Often one of the most unrealistic features of our fiction is the survival, and guaranteed overall success of our protagonist. The protagonist may die, but there will always be a measure of success in their goals, and full success of the authorís goal--otherwise why bother with the effort of creation. To that end the author orchestrates the protagonistís success and survival to the point of achieving the desired effect. Heroes defy the odds. This is generally a fine creative decision to make. It is not without its pitfalls though. One way this choice may fall short of expectation is when it works counter to the desired mood of the project. Another is when it belies some of the tenants set out in how other parties, and the elements they represent behave.
Here is a prime, and common, example. The setting involves an antagonistic group (the antagonists) that is supposed to be, not only vicious, but also skilled, a real group to fear. The protagonist though, waltzes through their traps and machinations, and generally makes a fool of them. The question is why? Are the antagonists really inept and not dangerous? Is the protagonist just that skilled or powerful? Are the circumstances aligned in one direction only? It may be some combination of those or is something else going on.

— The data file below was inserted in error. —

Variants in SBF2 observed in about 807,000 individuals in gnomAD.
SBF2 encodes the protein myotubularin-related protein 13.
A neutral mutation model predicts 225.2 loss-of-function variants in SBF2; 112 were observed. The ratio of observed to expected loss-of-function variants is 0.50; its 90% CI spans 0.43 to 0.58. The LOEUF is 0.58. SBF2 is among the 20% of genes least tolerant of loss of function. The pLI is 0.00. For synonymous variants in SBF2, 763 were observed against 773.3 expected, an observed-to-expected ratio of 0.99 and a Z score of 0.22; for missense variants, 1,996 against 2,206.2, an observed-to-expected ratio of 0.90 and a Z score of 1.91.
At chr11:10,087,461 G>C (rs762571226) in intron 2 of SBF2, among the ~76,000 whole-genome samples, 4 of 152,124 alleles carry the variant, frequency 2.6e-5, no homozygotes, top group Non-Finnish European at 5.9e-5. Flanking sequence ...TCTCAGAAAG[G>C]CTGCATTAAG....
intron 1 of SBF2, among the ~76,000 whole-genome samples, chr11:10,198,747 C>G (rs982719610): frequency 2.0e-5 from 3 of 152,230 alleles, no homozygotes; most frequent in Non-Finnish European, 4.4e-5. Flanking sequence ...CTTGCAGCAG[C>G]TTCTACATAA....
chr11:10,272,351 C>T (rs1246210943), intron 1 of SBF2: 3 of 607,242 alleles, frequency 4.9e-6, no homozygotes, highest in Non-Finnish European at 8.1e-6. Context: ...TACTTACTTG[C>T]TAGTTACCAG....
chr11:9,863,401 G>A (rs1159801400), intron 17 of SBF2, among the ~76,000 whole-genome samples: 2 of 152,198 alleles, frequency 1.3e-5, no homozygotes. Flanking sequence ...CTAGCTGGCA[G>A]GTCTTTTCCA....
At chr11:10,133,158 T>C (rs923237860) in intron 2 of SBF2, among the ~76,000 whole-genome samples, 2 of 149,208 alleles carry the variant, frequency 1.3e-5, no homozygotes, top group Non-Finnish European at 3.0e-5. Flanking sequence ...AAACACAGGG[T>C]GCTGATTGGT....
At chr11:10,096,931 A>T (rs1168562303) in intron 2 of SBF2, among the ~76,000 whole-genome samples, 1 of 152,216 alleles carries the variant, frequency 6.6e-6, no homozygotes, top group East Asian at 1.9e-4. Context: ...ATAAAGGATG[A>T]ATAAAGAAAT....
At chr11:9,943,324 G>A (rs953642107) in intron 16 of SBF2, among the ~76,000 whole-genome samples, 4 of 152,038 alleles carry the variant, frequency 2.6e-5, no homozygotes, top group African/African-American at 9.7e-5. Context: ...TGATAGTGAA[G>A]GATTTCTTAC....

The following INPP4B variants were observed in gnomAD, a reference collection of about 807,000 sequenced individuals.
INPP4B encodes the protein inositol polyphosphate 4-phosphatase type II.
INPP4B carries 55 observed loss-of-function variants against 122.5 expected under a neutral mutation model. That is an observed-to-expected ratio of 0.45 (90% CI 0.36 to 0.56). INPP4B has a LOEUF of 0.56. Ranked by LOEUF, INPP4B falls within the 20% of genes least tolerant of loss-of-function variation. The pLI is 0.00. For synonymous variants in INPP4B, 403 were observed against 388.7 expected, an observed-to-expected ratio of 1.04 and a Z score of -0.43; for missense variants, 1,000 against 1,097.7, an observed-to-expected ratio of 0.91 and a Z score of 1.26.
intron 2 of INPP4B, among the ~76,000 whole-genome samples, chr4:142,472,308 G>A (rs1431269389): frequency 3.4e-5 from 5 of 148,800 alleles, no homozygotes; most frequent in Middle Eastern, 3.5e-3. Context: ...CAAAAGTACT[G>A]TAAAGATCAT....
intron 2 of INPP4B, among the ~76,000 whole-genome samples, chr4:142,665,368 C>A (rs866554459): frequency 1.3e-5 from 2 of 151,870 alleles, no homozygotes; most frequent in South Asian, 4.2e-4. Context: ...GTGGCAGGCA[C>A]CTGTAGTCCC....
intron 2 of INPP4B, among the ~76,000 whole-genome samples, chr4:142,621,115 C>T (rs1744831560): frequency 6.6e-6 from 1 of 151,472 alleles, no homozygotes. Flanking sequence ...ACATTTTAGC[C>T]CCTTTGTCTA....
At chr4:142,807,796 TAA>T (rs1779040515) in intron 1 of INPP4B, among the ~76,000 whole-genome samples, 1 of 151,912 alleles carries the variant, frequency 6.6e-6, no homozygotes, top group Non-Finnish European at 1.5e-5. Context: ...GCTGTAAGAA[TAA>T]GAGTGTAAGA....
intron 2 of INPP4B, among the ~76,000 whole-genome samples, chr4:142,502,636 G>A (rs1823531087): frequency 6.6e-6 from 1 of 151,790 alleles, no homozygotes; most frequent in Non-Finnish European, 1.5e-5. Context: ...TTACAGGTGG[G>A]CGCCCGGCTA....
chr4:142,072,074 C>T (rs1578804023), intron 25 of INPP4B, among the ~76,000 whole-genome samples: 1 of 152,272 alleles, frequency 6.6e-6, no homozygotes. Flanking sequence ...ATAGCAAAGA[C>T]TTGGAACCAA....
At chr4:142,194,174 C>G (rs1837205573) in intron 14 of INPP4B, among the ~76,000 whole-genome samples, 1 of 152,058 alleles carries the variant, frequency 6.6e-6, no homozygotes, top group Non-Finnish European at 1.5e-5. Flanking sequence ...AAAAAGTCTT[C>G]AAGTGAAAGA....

The question then becomes what to do when this happens, particularly if it is too late to go back and change it--more of an issue for a role-playing game, or serialised fiction (including fiction blogs) than regular writing and publishing. My first suggestion is to come up with a reason. Are there other factors? Is the head of this scary organisation--perhaps just the local head or the team leader charged with dealing with your protagonist--erratic and undermining him or herself? Likewise, is anger clouding the team's judgement after the protagonist has initially been lucky or proven to be worthy adversaries? Is there a nefarious reason why they might be taking it easy on the protagonist, but not others similar targets?
Taken in a different direction, do the protagonists have an unknown protector? Is there a third party complicating matters? Will the protagonist discover that they are being used, or are a pawn in some larger scheme? The protagonist should also perhaps consider that they have found a weakness in the antagonist's organisation and should share it with others. Consider the lives they could save, but also consider how explaining it to others, or even over exploiting it, may lead them and others into a trap that they cannot just avoid as they have so far. Of course all of these suggestions are good when you have the time to plan ahead or you have the luxury of editing the final product from start to finish.
Music: Music: Cemetary Gates by Pantera and Sleeping On The Sidewalk by Queen.